This collection highlights that most mysterious and indefinable of genres: the essay. D. H. Lawrence is best known for the famously salacious Lady Chatterley’s Lover, but his bibliography abounds with nonfictional gems about every topic imaginable. The Bad Side of Books, a collection of his essays curated by Geoff Dyer, showcases his remarkable mind and powerful prose, no matter the subject. I Used to Be Charming, meanwhile, collects the best of LA icon Eve Babitz’s lesser-known journalism from the 1970s to the 1990s. Among the wide-ranging selection are pieces on The Doors’ Jim Morrison, the filming of The Godfather Part II, and much more—as well as the previously unpublished title essay, which recounts the near-fatal accident she suffered in 1996.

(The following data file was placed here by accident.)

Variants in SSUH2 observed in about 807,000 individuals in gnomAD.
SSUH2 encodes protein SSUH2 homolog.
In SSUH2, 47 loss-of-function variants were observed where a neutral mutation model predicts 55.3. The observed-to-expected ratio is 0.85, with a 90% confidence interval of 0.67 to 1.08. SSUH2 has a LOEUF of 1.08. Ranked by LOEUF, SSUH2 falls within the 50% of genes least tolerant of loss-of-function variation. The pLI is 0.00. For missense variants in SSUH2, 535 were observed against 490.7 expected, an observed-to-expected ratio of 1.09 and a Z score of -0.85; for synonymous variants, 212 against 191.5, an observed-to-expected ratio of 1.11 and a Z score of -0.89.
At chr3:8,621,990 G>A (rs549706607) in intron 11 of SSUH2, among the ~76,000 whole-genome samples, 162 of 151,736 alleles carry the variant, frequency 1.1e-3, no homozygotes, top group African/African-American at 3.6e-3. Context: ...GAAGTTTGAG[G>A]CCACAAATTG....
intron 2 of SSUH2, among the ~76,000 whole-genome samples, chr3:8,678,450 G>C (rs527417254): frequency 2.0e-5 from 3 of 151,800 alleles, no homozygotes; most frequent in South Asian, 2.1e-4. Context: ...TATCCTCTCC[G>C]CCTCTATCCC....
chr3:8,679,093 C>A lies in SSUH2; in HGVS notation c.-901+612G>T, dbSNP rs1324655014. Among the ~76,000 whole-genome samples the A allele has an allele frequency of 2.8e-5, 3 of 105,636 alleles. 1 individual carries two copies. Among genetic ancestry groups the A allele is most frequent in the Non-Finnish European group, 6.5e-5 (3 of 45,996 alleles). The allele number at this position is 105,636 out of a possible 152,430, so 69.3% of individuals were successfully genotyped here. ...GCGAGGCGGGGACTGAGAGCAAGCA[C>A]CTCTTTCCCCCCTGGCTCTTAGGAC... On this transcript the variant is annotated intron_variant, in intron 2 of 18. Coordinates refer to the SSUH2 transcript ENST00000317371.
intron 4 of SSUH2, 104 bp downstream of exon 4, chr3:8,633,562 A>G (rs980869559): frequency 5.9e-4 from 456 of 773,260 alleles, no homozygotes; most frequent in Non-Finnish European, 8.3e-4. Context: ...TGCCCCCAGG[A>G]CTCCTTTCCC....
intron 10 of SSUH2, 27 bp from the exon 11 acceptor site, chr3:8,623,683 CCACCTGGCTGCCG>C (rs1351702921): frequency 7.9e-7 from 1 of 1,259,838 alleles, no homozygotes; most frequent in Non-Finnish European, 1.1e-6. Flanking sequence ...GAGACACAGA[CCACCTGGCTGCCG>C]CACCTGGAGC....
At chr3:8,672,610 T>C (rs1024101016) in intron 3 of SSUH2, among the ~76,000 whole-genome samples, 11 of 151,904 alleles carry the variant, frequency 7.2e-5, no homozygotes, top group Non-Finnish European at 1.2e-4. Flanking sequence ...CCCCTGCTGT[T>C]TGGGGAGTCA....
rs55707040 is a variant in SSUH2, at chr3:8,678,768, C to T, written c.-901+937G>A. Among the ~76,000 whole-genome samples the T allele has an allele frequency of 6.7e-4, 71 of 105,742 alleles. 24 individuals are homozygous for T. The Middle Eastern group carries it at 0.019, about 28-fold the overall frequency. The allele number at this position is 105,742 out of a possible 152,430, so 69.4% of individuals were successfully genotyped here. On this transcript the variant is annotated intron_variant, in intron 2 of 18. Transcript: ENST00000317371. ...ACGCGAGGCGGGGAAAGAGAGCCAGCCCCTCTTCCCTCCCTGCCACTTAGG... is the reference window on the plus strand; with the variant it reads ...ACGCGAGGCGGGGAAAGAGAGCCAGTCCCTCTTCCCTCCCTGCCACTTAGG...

Dwight Macdonald’s Masscult and Midcult gathers the most incendiary essays from a great polemicist of the postwar era. His controversial title essay takes aim at the allure of anodyne middlebrow fiction (among which he counts Thornton Wilder’s Our Town and Hemingway’s The Old Man and the Sea). In Typewriters, Bombs, Jellyfish, the novelist Tom McCarthy offers his own insights on the art that shapes our world. He examines the likes of James Joyce and Franz Kafka alongside David Lynch and MC Hammer.
War and the Iliad features two celebrated perspectives on Homer’s epic by two brilliant French philosophers, Simone Weil and Rachel Bespaloff, which The Atlantic has called “the twentieth century’s most beloved, tortured, and profound responses to the world’s greatest and most disturbing poem.” Both pieces, written around the time of the Second World War, call urgently for peace. Daniel Mendelsohn’s Ecstasy and Terror is another look to the Greeks to make sense of our present. His essays masterfully connect the Aeneid and the Bacchae to today—and the Boston Marathon bombings and assassination of JFK to the most ancient of tragedies.